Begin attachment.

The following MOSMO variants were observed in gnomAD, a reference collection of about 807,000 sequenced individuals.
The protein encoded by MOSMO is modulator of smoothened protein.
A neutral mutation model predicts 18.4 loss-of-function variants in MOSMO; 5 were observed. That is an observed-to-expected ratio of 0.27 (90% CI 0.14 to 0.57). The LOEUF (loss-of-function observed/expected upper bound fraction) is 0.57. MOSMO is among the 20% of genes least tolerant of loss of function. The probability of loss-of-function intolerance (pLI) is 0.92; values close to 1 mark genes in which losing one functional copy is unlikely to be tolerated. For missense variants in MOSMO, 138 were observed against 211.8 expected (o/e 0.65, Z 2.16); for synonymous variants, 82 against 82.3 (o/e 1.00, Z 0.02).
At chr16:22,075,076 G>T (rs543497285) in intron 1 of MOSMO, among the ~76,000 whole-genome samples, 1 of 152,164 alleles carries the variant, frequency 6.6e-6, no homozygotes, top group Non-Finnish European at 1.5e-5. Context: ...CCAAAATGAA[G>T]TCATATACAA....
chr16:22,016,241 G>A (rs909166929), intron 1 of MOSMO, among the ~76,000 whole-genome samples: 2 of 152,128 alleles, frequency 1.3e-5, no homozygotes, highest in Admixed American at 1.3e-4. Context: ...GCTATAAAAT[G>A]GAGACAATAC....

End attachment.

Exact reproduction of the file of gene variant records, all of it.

The following MOSMO variants were observed in gnomAD, a reference collection of about 807,000 sequenced individuals.
The protein encoded by MOSMO is modulator of smoothened protein.
A neutral mutation model predicts 18.4 loss-of-function variants in MOSMO; 5 were observed. That is an observed-to-expected ratio of 0.27 (90% CI 0.14 to 0.57). The LOEUF (loss-of-function observed/expected upper bound fraction) is 0.57. MOSMO is among the 20% of genes least tolerant of loss of function. The probability of loss-of-function intolerance (pLI) is 0.92; values close to 1 mark genes in which losing one functional copy is unlikely to be tolerated. For missense variants in MOSMO, 138 were observed against 211.8 expected (o/e 0.65, Z 2.16); for synonymous variants, 82 against 82.3 (o/e 1.00, Z 0.02).
At chr16:22,075,076 G>T (rs543497285) in intron 1 of MOSMO, among the ~76,000 whole-genome samples, 1 of 152,164 alleles carries the variant, frequency 6.6e-6, no homozygotes, top group Non-Finnish European at 1.5e-5. Context: ...CCAAAATGAA[G>T]TCATATACAA....
chr16:22,016,241 G>A (rs909166929), intron 1 of MOSMO, among the ~76,000 whole-genome samples: 2 of 152,128 alleles, frequency 1.3e-5, no homozygotes, highest in Admixed American at 1.3e-4. Context: ...GCTATAAAAT[G>A]GAGACAATAC....